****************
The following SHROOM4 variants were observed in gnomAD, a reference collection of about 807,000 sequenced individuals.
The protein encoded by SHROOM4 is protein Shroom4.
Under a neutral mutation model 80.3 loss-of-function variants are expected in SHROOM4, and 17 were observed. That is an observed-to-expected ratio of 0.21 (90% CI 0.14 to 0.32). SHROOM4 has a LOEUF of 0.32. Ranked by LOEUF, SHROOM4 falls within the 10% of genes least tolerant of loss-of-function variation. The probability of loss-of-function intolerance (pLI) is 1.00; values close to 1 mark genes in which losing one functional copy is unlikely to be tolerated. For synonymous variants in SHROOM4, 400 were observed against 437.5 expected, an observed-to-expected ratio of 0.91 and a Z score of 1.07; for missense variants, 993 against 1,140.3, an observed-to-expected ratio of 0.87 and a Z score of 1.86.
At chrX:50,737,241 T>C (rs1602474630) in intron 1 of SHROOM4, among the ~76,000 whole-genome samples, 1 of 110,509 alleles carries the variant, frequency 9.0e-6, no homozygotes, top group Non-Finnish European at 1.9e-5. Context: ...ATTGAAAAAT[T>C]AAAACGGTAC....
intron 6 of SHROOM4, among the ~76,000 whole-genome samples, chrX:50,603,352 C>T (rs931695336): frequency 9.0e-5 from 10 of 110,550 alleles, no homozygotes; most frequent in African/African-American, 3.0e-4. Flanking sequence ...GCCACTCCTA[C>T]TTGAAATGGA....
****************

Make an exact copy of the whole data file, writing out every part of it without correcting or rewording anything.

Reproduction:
The following SHROOM4 variants were observed in gnomAD, a reference collection of about 807,000 sequenced individuals.
The protein encoded by SHROOM4 is protein Shroom4.
Under a neutral mutation model 80.3 loss-of-function variants are expected in SHROOM4, and 17 were observed. That is an observed-to-expected ratio of 0.21 (90% CI 0.14 to 0.32). SHROOM4 has a LOEUF of 0.32. Ranked by LOEUF, SHROOM4 falls within the 10% of genes least tolerant of loss-of-function variation. The probability of loss-of-function intolerance (pLI) is 1.00; values close to 1 mark genes in which losing one functional copy is unlikely to be tolerated. For synonymous variants in SHROOM4, 400 were observed against 437.5 expected, an observed-to-expected ratio of 0.91 and a Z score of 1.07; for missense variants, 993 against 1,140.3, an observed-to-expected ratio of 0.87 and a Z score of 1.86.
At chrX:50,737,241 T>C (rs1602474630) in intron 1 of SHROOM4, among the ~76,000 whole-genome samples, 1 of 110,509 alleles carries the variant, frequency 9.0e-6, no homozygotes, top group Non-Finnish European at 1.9e-5. Context: ...ATTGAAAAAT[T>C]AAAACGGTAC....
intron 6 of SHROOM4, among the ~76,000 whole-genome samples, chrX:50,603,352 C>T (rs931695336): frequency 9.0e-5 from 10 of 110,550 alleles, no homozygotes; most frequent in African/African-American, 3.0e-4. Flanking sequence ...GCCACTCCTA[C>T]TTGAAATGGA....